The scene just north of MacDill Air Force Base Saturday was a study in contrasts.
In front of the base’s Dale Mabry Highway entrance, 80 protesters gathered to show displeasure with possible action against Iraq. They sang, prayed and chanted, but their gathering was interrupted by a thunderous example of the ideals they were protesting against.
A large mid-air refueling jet took off from MacDill’s runway a few hundred yards away, its four engines creating a deafening, ground-shaking roar.
But neither the momentary rumble of the jet nor the three Tampa police officers standing nearby dissuaded the protesters from speaking out about what many called misrepresentation by the government.
“It’s hard to offer words of wisdom in a world that seems insane,” said protester Sharon Streater. “That’s where our money is needed, not only to fight war but (to fight for) peace and justice in our own communities.”
The group stretched out at one point to cover a quarter of a mile stretch of Dale Mabry heading away from MacDill, which serves as central command for the U.S. War on Terrorism and would play an important role in a possible strike on Iraq.
Protesters held a variety of signs, including “Our grief is not a cry for war,” “Fight poverty not people” and “not in our name.”
Some passing motorists beeped at the group, while one man leaned out of his window and shouted “War.”
Making up the group were several religious and political organizations, including Florida Green Party leadership. The well-known Women in Black group was also present, creating an eerie sight as they walked dressed in black robes and carrying their trademark coffin.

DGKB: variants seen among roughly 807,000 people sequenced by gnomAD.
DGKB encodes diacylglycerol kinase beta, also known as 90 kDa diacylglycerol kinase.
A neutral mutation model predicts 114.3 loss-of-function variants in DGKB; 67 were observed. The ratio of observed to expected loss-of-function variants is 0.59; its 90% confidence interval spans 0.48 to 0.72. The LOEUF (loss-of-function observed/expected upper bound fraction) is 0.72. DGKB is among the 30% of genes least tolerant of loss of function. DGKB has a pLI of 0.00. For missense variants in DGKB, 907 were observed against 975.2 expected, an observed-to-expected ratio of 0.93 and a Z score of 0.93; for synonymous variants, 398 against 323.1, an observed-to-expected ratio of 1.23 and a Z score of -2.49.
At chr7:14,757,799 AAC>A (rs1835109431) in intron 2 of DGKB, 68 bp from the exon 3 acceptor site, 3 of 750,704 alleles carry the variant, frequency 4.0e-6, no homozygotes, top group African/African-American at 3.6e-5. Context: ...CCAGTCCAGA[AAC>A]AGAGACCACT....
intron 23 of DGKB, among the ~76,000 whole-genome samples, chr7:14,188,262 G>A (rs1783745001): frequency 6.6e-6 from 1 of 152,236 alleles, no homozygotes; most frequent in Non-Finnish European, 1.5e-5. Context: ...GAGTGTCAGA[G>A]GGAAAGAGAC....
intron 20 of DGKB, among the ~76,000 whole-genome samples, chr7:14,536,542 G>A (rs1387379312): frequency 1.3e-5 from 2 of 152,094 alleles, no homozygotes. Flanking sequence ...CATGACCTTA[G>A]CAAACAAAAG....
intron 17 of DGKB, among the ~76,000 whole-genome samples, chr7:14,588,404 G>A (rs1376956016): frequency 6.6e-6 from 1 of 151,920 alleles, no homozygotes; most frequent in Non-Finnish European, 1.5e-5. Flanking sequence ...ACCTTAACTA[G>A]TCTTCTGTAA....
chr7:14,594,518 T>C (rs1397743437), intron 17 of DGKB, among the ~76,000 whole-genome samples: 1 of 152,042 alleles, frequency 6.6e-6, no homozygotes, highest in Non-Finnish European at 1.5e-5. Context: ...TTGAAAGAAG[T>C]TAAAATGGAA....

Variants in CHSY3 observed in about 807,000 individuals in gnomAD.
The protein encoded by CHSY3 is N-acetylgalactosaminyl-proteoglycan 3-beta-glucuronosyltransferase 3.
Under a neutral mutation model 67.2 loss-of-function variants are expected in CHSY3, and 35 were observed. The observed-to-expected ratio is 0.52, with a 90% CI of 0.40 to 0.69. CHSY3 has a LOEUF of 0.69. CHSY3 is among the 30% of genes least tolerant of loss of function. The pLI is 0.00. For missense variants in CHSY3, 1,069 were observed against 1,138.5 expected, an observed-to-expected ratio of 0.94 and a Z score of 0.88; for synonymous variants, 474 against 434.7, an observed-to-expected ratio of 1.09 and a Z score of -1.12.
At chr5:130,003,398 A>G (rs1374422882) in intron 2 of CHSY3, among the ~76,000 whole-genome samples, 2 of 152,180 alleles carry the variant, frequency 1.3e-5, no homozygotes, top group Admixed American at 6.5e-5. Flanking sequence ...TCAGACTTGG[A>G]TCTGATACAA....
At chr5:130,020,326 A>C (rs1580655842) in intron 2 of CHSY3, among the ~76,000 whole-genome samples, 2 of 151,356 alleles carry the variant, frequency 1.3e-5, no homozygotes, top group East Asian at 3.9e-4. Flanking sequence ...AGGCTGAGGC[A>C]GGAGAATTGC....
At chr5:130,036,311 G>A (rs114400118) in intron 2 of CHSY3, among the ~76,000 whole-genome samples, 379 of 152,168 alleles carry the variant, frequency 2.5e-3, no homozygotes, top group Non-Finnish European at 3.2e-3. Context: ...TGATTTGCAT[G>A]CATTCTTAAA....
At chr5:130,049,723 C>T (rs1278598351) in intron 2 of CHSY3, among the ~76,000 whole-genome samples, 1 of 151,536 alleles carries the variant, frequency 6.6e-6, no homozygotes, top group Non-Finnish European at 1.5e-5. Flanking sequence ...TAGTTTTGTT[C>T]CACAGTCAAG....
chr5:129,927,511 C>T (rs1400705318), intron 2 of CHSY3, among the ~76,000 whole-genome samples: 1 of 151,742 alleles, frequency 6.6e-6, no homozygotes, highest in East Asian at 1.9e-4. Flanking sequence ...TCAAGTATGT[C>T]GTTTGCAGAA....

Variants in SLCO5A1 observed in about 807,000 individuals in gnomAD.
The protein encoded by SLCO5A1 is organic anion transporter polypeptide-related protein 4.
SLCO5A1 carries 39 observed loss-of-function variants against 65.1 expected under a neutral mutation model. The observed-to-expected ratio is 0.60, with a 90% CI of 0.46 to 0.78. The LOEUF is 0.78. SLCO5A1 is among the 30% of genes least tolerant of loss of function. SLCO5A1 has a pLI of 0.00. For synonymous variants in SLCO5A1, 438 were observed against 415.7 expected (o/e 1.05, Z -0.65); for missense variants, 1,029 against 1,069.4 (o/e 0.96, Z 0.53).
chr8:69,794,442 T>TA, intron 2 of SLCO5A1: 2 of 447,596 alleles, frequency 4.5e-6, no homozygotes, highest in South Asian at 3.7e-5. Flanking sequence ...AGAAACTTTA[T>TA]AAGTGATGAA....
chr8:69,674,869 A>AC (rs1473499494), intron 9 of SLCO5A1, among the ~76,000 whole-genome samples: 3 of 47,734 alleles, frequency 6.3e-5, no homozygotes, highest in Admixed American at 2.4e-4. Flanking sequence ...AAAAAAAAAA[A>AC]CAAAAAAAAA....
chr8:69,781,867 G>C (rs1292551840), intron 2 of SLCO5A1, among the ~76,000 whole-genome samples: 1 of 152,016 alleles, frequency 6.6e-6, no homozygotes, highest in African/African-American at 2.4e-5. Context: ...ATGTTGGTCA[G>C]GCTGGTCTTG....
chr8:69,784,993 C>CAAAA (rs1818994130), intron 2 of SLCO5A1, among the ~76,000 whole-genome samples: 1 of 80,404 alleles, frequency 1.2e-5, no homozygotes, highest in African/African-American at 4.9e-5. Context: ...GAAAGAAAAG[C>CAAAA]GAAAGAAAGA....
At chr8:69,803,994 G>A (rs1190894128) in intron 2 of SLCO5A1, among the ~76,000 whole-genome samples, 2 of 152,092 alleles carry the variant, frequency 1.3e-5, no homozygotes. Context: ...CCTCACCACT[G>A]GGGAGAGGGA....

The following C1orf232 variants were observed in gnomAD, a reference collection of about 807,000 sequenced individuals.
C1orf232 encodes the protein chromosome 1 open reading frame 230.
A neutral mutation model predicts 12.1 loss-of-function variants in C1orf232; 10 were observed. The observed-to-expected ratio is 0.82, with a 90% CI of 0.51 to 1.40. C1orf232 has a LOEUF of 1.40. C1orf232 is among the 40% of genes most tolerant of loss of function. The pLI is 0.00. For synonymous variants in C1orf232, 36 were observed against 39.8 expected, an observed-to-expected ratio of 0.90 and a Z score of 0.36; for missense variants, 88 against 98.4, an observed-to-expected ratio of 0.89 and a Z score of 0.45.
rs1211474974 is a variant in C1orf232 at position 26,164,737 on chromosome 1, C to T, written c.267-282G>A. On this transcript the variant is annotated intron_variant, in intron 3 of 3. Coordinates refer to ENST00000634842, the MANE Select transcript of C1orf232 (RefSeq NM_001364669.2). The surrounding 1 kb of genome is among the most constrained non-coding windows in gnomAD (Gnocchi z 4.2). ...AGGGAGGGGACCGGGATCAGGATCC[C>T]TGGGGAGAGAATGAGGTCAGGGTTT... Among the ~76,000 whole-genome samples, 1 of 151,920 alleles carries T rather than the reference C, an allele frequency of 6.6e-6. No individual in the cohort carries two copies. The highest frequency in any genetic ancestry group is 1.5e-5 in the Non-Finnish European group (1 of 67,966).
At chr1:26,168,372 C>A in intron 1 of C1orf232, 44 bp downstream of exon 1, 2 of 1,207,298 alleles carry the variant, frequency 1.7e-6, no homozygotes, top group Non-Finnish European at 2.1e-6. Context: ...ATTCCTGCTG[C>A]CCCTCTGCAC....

Marlene Colony was the first of the protesters to speak. She told the group that they needed to remember the people of Iraq and make their feelings known to government officials.
“Congress is clearly not representing us,” Colony said. “I don’t know what we’re going to do about that.”
Colony said she hopes to be part of a demonstration in Washington, D.C., and to rally like-minded people to the cause of peace.
“We’ve got to take a stand,” Colony said. “Because if we go down, we’re going to go down peacefully but not quietly. There is another voice to be heard in this land. Our congressmen (and) our president do not represent the people.”
Colony said she has talked to workers in some congressional offices who have reported that public anti-war sentiment is at least 10 to 1 and as high as 200 to 1. She said national leaders need to awaken to public desires.
“You know what I want to say to those people who want to fight so bad? Let them put on a uniform and pick up a gun,” Colony said.
Colony said she does not believe Iraq has nuclear weapons. She said if the United Nations were to place its support behind U.S. efforts in Iraq, her opinion on the war would not change.
“I’d say (the U.N. was) bought out as well,” Colony said.Sean Kinane, a College Democrats leader and graduate student at USF, attended Saturday’s gathering. He said he decided to join in the protest because Congress may vote for war this week and the resulting conflict could be long and costly.
“To be honest, that scares me to death,” Kinane said.
As to whether he would change his mind if the U.N. provided its support, Kinane, like Colony, said he would not be so easily convinced.
“I would have to learn a lot more than I know now,” Kinane said. “The U.N. can be persuaded by ulterior motives. They can essentially be coerced by the power of the U.S. economically and militarily to go along.”
Kinane added that he too has not been persuaded by pro-war rhetoric from Washington and said there is no evidence that it is necessary.
“There are possible reasons to go to war, but I haven’t heard anything close to reasons yet,” Kinane said.
The matter of whether to go to war with Iraq is an issue that may play a part in November congressional elections. The trend in the past week, however, has seemed to be for several key Democrats to shift their favor more toward the opinion of the White House.
Kinane said he has been unhappy with the behavior of Democrats in Congress.
“That disappoints me greatly,” Kinane said. “I feel betrayed.”